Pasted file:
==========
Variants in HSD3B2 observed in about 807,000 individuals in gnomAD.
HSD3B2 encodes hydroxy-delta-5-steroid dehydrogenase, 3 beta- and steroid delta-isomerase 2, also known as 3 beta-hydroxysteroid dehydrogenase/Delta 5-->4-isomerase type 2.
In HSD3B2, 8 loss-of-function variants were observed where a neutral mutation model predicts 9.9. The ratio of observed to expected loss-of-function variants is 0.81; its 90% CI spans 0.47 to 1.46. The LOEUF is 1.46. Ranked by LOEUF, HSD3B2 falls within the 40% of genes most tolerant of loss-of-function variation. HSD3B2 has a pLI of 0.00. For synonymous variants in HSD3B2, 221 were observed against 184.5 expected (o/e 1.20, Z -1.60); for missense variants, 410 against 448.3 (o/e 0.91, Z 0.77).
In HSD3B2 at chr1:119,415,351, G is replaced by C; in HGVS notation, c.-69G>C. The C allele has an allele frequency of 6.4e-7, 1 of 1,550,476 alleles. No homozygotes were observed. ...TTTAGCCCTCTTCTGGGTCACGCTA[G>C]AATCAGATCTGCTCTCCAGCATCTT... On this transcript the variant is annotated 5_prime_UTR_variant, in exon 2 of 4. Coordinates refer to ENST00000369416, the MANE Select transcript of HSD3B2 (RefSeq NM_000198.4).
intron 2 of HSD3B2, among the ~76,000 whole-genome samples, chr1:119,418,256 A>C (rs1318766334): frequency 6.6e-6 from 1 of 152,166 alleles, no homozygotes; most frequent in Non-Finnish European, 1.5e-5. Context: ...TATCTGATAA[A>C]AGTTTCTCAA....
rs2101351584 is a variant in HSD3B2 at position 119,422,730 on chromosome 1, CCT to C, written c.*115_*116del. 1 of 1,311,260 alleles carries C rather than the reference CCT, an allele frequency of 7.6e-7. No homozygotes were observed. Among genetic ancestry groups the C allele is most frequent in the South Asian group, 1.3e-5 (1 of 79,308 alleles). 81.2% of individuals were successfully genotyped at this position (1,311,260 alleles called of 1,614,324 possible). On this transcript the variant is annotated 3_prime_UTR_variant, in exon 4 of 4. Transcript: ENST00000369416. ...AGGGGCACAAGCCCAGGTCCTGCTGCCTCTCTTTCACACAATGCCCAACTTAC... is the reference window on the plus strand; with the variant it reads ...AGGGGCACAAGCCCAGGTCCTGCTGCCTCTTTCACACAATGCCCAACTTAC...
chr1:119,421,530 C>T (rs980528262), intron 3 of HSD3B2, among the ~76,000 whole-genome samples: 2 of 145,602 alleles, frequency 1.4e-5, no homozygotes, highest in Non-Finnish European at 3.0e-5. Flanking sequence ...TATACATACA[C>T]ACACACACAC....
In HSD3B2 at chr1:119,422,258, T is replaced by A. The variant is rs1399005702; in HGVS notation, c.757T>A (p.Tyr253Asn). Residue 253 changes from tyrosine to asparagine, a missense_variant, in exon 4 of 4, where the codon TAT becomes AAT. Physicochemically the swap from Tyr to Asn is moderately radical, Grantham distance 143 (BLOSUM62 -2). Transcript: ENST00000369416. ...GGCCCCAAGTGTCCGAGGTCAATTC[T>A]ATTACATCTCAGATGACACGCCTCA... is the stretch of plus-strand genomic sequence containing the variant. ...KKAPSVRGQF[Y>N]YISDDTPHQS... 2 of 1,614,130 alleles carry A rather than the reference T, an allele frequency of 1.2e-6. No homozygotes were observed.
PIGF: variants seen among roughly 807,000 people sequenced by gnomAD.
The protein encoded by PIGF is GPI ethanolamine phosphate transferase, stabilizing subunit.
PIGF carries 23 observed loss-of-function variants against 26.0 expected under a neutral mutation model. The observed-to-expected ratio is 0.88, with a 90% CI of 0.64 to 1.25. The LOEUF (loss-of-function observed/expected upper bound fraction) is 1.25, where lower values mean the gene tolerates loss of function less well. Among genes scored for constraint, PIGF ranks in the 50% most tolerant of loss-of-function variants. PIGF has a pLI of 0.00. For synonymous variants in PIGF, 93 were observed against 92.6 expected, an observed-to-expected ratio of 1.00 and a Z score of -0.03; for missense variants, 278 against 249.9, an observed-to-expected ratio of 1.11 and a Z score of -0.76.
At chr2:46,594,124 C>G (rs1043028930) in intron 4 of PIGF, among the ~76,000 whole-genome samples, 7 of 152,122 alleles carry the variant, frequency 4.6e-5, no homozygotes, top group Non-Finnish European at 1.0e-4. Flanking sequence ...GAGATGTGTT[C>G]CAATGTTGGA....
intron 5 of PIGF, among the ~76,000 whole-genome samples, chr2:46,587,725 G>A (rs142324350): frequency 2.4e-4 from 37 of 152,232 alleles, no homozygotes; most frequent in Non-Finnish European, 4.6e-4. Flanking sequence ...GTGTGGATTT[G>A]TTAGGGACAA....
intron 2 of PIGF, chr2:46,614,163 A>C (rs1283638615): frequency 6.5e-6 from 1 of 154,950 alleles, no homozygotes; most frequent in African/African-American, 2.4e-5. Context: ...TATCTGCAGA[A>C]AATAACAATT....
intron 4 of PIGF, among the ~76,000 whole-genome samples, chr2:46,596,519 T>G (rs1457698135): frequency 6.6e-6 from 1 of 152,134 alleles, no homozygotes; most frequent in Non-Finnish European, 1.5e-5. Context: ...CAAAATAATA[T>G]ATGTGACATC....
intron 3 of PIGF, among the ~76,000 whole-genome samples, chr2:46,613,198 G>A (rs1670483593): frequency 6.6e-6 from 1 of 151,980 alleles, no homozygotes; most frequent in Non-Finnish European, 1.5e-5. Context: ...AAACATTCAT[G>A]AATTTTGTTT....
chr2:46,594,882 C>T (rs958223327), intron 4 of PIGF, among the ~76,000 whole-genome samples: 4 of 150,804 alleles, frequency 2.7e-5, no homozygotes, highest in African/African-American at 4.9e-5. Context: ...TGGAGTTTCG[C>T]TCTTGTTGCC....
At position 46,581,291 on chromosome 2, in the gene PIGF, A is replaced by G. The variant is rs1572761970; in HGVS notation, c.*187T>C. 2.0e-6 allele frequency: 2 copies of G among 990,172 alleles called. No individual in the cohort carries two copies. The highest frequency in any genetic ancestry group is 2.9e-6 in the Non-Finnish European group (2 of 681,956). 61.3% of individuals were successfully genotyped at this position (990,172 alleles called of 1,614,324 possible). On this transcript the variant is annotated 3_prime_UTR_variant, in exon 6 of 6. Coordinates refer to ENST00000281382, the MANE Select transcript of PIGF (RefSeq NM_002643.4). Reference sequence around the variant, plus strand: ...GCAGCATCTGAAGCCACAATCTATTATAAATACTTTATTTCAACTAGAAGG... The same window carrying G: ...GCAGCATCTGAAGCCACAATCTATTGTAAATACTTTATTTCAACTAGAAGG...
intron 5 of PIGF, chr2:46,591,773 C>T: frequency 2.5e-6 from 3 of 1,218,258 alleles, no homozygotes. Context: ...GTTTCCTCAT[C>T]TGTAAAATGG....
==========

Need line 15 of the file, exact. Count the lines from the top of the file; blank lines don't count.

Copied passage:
intron 4 of PIGF, among the ~76,000 whole-genome samples, chr2:46,596,519 T>G (rs1457698135): frequency 6.6e-6 from 1 of 152,134 alleles, no homozygotes; most frequent in Non-Finnish European, 1.5e-5. Context: ...CAAAATAATA[T>G]ATGTGACATC....